Where’s policy action needed for a healthier population?

Learning from international experience

29 June 2017

Jane Landon

If you were to choose a government department you would run for a day to improve the health of the population, which would it be?

You might instinctively choose the Department of Health. But since access to health care accounts for as little as 10% of a population’s health and wellbeing, it is unlikely to be your best choice. Instead, because it is the conditions in which we are born, grow, live, work and age that contribute in large part to our prospects of a healthy life, you might be better off with HM Treasury, the Department for Education, or the Department for Work and Pensions, perhaps.

Yet there is a lot less attention on the policy action needed outside the health sector to create better health and wellbeing by influencing the social determinants of health – for example, our access to adequate income, good education and work, decent homes and strong social relationships.

Learning from other countries

To support better policy making, we want to share how other countries have used social policy to create better health and wellbeing.

We are funding a new study by the UK Health Forum to generate a series of international case studies of national and sub-national policy action beyond the health sector.

They are scanning the literature to identify case studies and conducting in-depth interviews with policy makers, advocacy groups and others close to the policy processes, to help to get ‘under the bonnet’ of the identified policies and their effect on health. We want to reach a better understanding of how the policies were introduced including the policy context, development and adoption processes, enabling factors, and obstacles encountered.

French lessons in sugar taxes

Next year sees the introduction of a soft drinks industry levy in the UK – a measure that was introduced in the 2016 budget and which forms a major pillar of the government’s childhood obesity plan. It is almost 250 years since Adam Smith wrote that sugar, tobacco and rum ‘are commodities which are nowhere necessaries of life’ and ‘therefore extremely proper subjects for taxation’.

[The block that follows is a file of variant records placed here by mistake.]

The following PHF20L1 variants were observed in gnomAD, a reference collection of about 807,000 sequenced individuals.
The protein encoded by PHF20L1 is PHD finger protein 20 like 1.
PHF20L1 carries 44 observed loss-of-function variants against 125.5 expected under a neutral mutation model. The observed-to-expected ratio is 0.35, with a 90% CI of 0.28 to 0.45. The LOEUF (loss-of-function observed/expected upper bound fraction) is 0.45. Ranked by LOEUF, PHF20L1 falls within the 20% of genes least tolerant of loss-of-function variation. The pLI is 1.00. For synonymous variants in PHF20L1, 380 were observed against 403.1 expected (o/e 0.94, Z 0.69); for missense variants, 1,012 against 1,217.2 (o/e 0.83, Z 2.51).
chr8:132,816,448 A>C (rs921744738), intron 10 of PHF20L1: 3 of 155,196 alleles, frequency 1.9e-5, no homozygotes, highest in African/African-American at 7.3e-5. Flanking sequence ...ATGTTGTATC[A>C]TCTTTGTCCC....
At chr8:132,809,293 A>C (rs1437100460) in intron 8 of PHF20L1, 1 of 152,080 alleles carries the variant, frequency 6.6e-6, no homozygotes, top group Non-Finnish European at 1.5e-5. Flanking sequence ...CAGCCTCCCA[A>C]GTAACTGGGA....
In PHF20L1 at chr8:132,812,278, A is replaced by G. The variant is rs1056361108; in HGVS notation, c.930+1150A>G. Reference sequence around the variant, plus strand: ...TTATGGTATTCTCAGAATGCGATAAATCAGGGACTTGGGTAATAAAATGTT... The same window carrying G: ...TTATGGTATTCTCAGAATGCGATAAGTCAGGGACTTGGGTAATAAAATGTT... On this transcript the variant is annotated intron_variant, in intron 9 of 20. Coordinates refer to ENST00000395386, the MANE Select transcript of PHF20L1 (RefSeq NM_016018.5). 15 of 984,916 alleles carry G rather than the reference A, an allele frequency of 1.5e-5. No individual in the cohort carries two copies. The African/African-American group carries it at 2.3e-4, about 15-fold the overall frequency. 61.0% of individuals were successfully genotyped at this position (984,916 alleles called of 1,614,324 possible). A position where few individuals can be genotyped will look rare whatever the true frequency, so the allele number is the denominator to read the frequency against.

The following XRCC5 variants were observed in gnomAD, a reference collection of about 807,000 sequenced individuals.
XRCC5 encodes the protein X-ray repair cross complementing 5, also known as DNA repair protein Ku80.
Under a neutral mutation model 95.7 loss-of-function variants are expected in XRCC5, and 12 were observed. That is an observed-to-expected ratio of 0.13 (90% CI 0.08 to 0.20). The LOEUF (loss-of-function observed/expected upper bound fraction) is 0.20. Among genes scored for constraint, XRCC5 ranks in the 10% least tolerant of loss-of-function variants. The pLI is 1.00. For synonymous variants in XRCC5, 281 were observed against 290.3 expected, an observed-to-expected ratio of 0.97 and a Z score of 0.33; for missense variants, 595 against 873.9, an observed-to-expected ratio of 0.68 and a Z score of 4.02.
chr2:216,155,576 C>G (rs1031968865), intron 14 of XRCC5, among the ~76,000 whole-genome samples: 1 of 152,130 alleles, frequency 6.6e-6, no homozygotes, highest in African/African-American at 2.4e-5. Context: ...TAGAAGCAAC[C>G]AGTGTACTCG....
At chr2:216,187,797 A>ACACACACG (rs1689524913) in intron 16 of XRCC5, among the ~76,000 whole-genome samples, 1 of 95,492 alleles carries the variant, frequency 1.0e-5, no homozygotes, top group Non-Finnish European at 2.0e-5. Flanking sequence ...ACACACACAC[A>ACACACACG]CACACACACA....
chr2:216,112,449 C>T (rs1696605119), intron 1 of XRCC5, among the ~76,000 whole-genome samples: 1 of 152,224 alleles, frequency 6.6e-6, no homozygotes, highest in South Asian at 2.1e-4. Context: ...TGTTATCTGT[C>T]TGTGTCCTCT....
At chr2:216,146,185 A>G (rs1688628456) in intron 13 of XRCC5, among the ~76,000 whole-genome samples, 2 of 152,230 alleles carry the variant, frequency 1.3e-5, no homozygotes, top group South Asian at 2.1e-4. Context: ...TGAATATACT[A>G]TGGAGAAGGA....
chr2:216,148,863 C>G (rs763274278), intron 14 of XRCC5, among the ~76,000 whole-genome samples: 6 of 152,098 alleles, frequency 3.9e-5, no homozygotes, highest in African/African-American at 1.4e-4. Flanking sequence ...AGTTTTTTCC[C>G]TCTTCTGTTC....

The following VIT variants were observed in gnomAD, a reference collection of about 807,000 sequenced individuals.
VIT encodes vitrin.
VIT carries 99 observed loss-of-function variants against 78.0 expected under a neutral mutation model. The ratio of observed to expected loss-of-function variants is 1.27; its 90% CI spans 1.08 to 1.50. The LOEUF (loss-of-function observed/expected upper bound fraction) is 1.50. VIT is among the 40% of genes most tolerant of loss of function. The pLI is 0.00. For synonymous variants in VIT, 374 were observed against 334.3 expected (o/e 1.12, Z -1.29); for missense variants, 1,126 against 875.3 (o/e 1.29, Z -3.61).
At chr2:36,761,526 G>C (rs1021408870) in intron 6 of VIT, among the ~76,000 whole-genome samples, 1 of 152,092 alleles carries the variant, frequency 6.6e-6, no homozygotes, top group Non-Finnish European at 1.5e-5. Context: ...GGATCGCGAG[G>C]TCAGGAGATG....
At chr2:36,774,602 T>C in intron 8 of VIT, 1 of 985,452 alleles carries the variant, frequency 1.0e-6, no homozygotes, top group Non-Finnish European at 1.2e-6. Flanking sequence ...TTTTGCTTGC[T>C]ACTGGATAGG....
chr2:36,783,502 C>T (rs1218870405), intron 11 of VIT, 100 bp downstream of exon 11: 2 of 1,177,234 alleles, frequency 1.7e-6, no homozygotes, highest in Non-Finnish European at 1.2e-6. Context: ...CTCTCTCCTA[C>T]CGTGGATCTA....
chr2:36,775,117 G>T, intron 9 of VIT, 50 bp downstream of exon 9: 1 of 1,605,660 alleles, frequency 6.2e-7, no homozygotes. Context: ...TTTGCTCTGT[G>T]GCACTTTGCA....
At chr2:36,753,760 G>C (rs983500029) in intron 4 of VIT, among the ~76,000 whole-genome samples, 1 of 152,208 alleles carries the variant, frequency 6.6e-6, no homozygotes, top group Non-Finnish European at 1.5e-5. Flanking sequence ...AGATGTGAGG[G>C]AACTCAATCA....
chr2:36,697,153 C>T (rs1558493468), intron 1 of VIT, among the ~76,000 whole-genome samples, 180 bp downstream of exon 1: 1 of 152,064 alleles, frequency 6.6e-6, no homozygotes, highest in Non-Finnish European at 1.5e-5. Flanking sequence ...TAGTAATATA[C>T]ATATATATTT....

The factors that informed the government’s decision to introduce the levy indisputably include the lessons learned from overseas. Since 2011, taxes on sugary drinks and some junk foods have been introduced to promote health and reduce obesity in France, Hungary and Mexico. Evaluation and analysis by researchers and civil society organisations has provided insights from these ‘natural experiments’ to answer important policy questions: How do different tax instruments achieve desired outcomes? How do consumers respond to taxes? What are the effects on consumption of untaxed products and categories? How do businesses react? Do the taxes raise revenues or are the costs absorbed? Are taxes for health unpopular or accepted as a necessary measure? The opportunity to learn from real world experience will have helped Treasury officials design the UK levy so it is likely to achieve the Government’s desired objective of encouraging drinks manufacturers to reduce the sugar content of their products.

Meeting long-term challenges with action across government

Learning from international innovative approaches could help start new conversations in other sectors. For example, the Austrian government, as part of its health reform, is engaging six ministries along with federal and provincial authorities working on education, employment, social security and the environment to build their understanding of how they can each contribute towards the delivery of health targets for the Austrian people.

In New Zealand, the treasury has developed ways to meet the challenge of making an impact on long term issues such as health, education and justice while constrained by short term decision making and investment. The New Zealand approach involves assessing public liability for individuals whose circumstances and experiences represent a potential lifetime cost to the state. For example, a child growing up in a troubled family is more likely to fail at school, become unemployed and possibly end up in the justice system. Having calculated the collective cost, the government can task public services to reduce the public liability by investing in services that can be shown to deliver long term benefits.

The study by the UK Health Forum, due to be published in early 2018, will highlight other examples of policies which act on the wider determinants of health, helping us to see where there may be transferable learning for policy makers across our governments that could lead to a healthier UK population.

I was asked to choose my fantasy ministry-for-a-day to improve population health at an interview to join the Health Foundation. I opted for HM Treasury, reasoning that this presented opportunities to invest in public spending across other government departments and make use of fiscal measures like the sugary drinks levy. I may have convinced my interviewer, but the best option might be to take the top job, engage all parts of your government and create a truly health-creating economy.

Jane Landon is Senior Policy Fellow at the Health Foundation, currently on secondment from the UK Health Forum

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